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Data Brokers Know You — Maybe too Well

I’m a middle-aged guy who lives in a house that was built more than 50 years ago. I’m married, have a white-collar job and sometimes read financial newsletters for fun.

Those boring details are part of a digital dossier compiled by Acxiom, one of the nation’s biggest commercial data brokers, as revealed on a controversial new website the company has created to let individual consumers review some — but definitely not all — of the personal information about themselves that Acxiom sells to clients for online marketing campaigns.

I also found a few surprises when I checked my file once the site launched last week. Along with such items as my ethnicity, annual income, number of credit cards and the month my car insurance is due for renewal, Acxiom says my “household interests” include sailing and boat ownership.

That’s funny: Sailing makes me seasick; I get queasy just riding the Alcatraz ferry. The item left me confused, until my wife remembered she’d been shopping online for some boat shoes a few months back.

With a mix of mundane and slightly startling insights, the new site at AboutTheData.com provides an intriguing look at a business that’s usually hidden from the public eye. And as with many aspects of the personal data business, Acxiom’s site has sparked debate: Some privacy advocates praised it as a positive step, while others decried it as a cynical effort to forestall regulation and gather even more information by lulling consumers into updating information on the site.

Acxiom is promoting the site as an opportunity for consumers to view and correct the information it has in its files, or even opt out of future tracking, once they complete a free verification procedure that involves sharing several items of personal data. But critics are suspicious of the company’s motives.

Acxiom is attempting to “sanitize” its practices, charged Jeff Chester of the Center for Digital Democracy, a nonprofit advocacy group, who complained the site doesn’t make clear just how much “an individual consumer is relentlessly tracked” — analyzed, categorized and “auctioned off to the highest bidder.”

In a statement, Acxiom CEO Scott Howe said the company created the website to show it supports “the responsible use of consumer data.” By allowing consumers to review and correct information about themselves, he added, “this will result in more relevant offerings and better online experiences for the consumer.”

If you’re like most consumers, you may be vaguely aware that many websites and retailers keep track of your interests, so they can tailor the advertising, discount coupons or other offers they send your way. But experts say most people don’t know the extent to which commercial data brokers collect and sell information about their Web habits, offline purchases, household income, family characteristics and other personal details.

The information comes from website “cookies,” or software that tracks users’ online visits, as well as product registration forms, retailers’ loyalty cards and even property records and other public data kept by government agencies.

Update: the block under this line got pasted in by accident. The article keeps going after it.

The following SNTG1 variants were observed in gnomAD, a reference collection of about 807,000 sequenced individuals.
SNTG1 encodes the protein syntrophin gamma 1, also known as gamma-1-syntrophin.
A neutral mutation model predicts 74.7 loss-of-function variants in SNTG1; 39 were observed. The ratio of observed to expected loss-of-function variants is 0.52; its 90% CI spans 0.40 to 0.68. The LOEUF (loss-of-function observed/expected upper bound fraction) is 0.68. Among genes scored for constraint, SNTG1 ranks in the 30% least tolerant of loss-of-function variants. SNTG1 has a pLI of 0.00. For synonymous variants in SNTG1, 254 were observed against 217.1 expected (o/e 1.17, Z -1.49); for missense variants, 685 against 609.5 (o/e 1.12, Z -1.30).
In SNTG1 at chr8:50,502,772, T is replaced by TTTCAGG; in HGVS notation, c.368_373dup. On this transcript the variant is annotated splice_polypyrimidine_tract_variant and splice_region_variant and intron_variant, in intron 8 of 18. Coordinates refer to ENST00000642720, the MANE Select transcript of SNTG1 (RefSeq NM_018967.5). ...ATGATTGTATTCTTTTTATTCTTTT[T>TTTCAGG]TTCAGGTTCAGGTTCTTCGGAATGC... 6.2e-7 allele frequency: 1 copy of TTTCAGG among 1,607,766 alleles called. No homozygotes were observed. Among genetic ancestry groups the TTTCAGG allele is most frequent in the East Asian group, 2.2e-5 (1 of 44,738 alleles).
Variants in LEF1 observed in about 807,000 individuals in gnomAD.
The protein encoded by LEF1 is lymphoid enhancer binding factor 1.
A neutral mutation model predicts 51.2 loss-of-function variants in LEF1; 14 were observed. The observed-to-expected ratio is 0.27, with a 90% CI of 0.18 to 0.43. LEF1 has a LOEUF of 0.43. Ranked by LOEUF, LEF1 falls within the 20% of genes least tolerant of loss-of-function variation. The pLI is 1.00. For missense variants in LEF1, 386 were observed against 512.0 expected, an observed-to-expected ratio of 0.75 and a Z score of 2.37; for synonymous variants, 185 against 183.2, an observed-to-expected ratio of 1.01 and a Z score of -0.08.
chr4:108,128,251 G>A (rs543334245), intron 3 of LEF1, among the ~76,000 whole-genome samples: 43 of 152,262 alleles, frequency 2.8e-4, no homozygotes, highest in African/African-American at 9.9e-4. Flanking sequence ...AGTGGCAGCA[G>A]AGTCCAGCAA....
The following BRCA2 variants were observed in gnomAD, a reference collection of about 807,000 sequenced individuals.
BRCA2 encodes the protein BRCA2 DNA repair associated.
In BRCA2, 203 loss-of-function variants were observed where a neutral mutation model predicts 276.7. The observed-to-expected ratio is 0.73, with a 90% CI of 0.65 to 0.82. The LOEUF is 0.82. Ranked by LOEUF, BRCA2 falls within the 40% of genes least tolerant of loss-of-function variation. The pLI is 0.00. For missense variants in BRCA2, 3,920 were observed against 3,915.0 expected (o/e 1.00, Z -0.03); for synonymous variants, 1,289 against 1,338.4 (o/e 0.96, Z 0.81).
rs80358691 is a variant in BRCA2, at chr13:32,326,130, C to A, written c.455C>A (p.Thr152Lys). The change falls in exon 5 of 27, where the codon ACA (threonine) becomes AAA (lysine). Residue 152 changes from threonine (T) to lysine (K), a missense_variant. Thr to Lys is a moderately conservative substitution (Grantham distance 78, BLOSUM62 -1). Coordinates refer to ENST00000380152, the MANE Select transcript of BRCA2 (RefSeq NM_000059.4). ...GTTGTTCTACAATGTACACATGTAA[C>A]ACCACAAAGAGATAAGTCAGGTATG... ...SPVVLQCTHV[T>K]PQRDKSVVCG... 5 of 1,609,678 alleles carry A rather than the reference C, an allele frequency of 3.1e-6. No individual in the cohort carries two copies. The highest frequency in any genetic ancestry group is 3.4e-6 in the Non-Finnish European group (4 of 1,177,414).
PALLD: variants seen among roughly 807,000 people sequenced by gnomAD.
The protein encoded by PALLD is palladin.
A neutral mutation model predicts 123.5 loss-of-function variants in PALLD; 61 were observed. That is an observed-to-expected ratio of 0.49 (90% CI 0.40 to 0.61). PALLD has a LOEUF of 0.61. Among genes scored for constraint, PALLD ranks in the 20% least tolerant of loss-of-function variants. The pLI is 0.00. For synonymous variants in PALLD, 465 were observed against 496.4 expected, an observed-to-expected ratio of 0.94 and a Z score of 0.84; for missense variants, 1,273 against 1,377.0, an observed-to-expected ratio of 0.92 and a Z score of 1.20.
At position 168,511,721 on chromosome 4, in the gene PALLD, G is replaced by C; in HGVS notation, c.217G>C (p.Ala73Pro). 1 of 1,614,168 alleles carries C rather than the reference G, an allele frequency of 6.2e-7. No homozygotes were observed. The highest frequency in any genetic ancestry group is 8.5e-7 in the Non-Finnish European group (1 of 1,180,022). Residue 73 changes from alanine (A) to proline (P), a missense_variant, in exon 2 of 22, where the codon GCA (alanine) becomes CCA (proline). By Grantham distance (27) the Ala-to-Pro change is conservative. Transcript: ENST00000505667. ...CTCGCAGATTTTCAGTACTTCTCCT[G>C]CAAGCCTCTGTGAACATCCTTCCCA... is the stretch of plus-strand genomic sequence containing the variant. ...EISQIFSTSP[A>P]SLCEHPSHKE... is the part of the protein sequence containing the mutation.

With a database of profiles on more than 700 million consumers, Arkansas-based Acxiom has worked with major retailers and Internet companies, including Facebook. While it’s an industry leader, at least eight large competitors and smaller firms offer similar services.

Unlike credit reporting agencies, data brokers aren’t governed by any laws requiring them to safeguard consumers’ privacy, correct errors or even reveal what’s in their files. While acknowledging that companies have legitimate uses for much of the data the brokers gather, the Federal Trade Commission and Congress have recently launched inquiries that many believe will lead to new rules governing Acxiom and its competitors.

Howe recently told The New York Times that his company’s new website is evidence the industry can play a role in regulating itself.

The new website offers visitors the ability to “opt out” from being tracked by the company, but it also warns: “This will not reduce the number of ads and offers you receive, it just means that some of them may be less relevant to you.”

One concern about brokers like Acxiom lies in the accuracy of its information, as well as its sources, said Paul Stephens of the nonprofit Privacy Rights Clearinghouse. Showing the data to consumers is “a great idea,” Stephens said, but he would also like the site to disclose, for example, which retailer supplied a piece of information, so consumers could decide if they want to keep shopping at that store.

Other critics cite the potential for stereotyping or discrimination. Acxiom reports an individual’s ethnicity based on surnames or voluntary surveys. The company also classifies consumers by social and economic traits, using category names such as “Savvy Singles,” “Frugal Families” and “McMansions and Minivans.”

The danger is that retailers, financial companies or other businesses may offer better prices or services to people in certain categories, while individuals in other groups may be targeted with high interest rates or predatory offers, said Pam Dixon of the World Privacy Forum, another watchdog group.

The new website doesn’t list those classifications. It also omits references to sensitive information such as a person’s interest in medical conditions, disabilities, gambling or smoking, which Acxiom uses in its commercial products. Critics warn those omissions may lull consumers into thinking the data broker’s practices are more innocuous than they really are.